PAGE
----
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The Passing of Doris Waller

This article first appeared in
..in 70mm
The 70mm Newsletter

Written by: Keith Swadkins. Reprinted from Cinerama Society Newsletter no 16 by written permission. Issue 47 - December 1996
Doris Waller and John Harvey in January 1993. Doris was Guest of Honor at the 10th birthday celebrations of the National Museum of Photography, Film and Television.

It is with great sadness that I must report the passing, on August 10th 1996, of Mrs Doris Waller, widow of Fred Waller. Those of us who came to know Doris in recent years will remember her as a frail lady with an active mind a bubbling personality which belied her 89 years.

During the late 20s, Doris had been a script girl at Paramounts Astoria Studios, New York, when she first met Fred Waller. Fred was then a special effects cameraman and needed a technical secretary for a project he was working on. Doris had the necessary qualifications and stepped in to type up Fred's notes. However, fate decreed their paths would separate and it was not until 1942 that they married.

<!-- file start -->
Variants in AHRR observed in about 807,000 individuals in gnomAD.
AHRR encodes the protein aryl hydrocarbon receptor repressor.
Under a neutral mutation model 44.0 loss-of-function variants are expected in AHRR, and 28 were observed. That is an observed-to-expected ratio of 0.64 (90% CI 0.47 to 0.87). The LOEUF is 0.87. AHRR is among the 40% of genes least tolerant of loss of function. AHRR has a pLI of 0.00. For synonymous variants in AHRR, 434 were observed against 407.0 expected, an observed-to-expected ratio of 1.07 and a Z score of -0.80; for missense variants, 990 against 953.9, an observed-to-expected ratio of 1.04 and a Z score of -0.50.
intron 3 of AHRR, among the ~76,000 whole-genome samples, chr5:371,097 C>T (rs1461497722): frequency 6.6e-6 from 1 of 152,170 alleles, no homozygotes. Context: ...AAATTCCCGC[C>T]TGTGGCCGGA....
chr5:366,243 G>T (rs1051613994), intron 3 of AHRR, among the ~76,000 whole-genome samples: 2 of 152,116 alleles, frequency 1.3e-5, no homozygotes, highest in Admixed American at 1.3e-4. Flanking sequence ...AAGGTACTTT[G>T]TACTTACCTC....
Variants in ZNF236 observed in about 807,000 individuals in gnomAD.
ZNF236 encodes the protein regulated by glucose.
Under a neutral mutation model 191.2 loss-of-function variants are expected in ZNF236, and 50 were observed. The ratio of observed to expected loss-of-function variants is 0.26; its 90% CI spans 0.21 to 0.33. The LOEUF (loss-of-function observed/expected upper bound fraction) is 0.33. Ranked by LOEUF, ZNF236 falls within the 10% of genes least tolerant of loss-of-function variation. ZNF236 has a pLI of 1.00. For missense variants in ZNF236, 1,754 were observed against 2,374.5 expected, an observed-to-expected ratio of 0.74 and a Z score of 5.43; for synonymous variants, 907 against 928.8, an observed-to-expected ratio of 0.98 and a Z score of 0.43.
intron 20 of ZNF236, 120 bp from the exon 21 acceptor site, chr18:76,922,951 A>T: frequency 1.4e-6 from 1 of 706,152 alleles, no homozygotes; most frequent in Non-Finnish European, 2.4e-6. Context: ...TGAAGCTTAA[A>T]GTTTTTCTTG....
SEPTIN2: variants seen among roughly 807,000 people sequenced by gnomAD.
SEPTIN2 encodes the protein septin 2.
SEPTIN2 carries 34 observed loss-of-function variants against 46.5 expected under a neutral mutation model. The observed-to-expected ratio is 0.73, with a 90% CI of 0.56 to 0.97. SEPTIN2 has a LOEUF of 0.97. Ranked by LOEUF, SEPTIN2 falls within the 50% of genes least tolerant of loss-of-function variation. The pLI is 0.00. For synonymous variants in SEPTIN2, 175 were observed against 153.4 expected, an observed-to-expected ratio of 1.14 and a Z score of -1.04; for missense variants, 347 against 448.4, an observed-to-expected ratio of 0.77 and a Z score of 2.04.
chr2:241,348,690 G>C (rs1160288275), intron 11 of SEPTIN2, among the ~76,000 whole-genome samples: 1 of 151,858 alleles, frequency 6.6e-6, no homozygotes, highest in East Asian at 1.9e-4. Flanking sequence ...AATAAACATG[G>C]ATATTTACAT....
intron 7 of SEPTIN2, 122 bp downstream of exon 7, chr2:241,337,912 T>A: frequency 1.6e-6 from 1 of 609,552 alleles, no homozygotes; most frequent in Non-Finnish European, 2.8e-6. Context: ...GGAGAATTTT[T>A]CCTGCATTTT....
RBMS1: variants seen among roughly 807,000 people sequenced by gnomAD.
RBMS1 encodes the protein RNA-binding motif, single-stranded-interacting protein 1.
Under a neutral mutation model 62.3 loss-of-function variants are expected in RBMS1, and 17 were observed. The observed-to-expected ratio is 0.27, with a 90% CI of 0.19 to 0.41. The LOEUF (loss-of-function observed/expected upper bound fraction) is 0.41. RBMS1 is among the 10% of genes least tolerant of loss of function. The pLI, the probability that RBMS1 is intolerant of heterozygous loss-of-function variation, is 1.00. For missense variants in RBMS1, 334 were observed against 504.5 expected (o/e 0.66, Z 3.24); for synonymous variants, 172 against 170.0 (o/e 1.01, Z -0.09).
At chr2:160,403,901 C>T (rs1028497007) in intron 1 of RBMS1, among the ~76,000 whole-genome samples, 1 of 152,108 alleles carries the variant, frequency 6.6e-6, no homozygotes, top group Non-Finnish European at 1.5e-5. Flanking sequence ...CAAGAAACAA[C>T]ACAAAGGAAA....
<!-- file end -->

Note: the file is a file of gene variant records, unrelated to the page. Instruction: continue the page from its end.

Together with Doris son from an earlier marriage, John P Caron, they made their home in Huntington, Long Island, Fred setting up a workshop in the adjacent barn where he developed many of his inventions including the embryonic Cinerama. Joined by his stepson, the development and promotion of Cinerama later moved to an indoor tennis court on a private estate in nearby Oyster Bay.
 

Further in 70mm reading:

This is Oyster Bay

mr. cinerama

in70mm.com's Cinerama page

Cinerama's 50th Anniversary

Internet link:

 

Doris Waller with John Harvey and Willem Bouwmeester in her home in Huntington, Long Island, USA.

After Fred's death in 1954, Doris remained in their Huntington house which is where Brenda and I were privileged to first meet her during the fall of 1992. Although by then in her mid 80s and a little frail, Doris made us feel part of the family and entranced us with her memories of Fred and the Cinerama days. By the end of the day, we had all become life-long friends.

In January 1993, Doris was able to travel to Bradford as Guest of Honor at the 10th birthday celebrations of the National Museum of Photography, Film and Television, opening the Pictureville Cinerama installation and attending the re-opening of "This is Cinerama". I remember her sheer delight that Fred's Cinerama had been restored for new generations to enjoy.

With the passing of Doris Waller, we have all lost a major link with the magical great days of Cinerama which affected so many of our lives for ever.
 
 
   
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Updated 21-01-24